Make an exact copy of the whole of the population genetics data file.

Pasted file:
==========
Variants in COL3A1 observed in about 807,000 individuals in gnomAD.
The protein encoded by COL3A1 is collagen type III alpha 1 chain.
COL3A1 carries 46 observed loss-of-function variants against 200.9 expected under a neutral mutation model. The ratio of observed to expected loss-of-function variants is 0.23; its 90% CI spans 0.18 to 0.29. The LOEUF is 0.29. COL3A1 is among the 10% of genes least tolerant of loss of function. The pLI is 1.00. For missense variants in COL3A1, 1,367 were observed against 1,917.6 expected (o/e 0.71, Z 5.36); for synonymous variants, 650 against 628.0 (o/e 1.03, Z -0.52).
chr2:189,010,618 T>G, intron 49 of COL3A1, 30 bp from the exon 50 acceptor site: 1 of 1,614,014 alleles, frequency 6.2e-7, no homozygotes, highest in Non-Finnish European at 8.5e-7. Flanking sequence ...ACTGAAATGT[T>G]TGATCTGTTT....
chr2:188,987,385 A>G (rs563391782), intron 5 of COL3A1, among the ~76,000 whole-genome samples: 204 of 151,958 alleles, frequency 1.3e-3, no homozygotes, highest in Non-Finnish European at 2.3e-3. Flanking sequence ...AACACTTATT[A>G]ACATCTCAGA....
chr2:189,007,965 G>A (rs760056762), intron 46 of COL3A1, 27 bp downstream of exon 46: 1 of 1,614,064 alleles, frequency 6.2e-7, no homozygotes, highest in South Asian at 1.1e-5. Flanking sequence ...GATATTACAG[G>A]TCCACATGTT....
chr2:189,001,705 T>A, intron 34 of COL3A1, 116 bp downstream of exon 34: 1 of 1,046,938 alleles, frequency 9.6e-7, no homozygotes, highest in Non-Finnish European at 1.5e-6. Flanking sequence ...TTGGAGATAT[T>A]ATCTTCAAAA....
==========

Variants in COL3A1 observed in about 807,000 individuals in gnomAD.
The protein encoded by COL3A1 is collagen type III alpha 1 chain.
COL3A1 carries 46 observed loss-of-function variants against 200.9 expected under a neutral mutation model. The ratio of observed to expected loss-of-function variants is 0.23; its 90% CI spans 0.18 to 0.29. The LOEUF is 0.29. COL3A1 is among the 10% of genes least tolerant of loss of function. The pLI is 1.00. For missense variants in COL3A1, 1,367 were observed against 1,917.6 expected (o/e 0.71, Z 5.36); for synonymous variants, 650 against 628.0 (o/e 1.03, Z -0.52).
chr2:189,010,618 T>G, intron 49 of COL3A1, 30 bp from the exon 50 acceptor site: 1 of 1,614,014 alleles, frequency 6.2e-7, no homozygotes, highest in Non-Finnish European at 8.5e-7. Flanking sequence ...ACTGAAATGT[T>G]TGATCTGTTT....
chr2:188,987,385 A>G (rs563391782), intron 5 of COL3A1, among the ~76,000 whole-genome samples: 204 of 151,958 alleles, frequency 1.3e-3, no homozygotes, highest in Non-Finnish European at 2.3e-3. Flanking sequence ...AACACTTATT[A>G]ACATCTCAGA....
chr2:189,007,965 G>A (rs760056762), intron 46 of COL3A1, 27 bp downstream of exon 46: 1 of 1,614,064 alleles, frequency 6.2e-7, no homozygotes, highest in South Asian at 1.1e-5. Flanking sequence ...GATATTACAG[G>A]TCCACATGTT....
chr2:189,001,705 T>A, intron 34 of COL3A1, 116 bp downstream of exon 34: 1 of 1,046,938 alleles, frequency 9.6e-7, no homozygotes, highest in Non-Finnish European at 1.5e-6. Flanking sequence ...TTGGAGATAT[T>A]ATCTTCAAAA....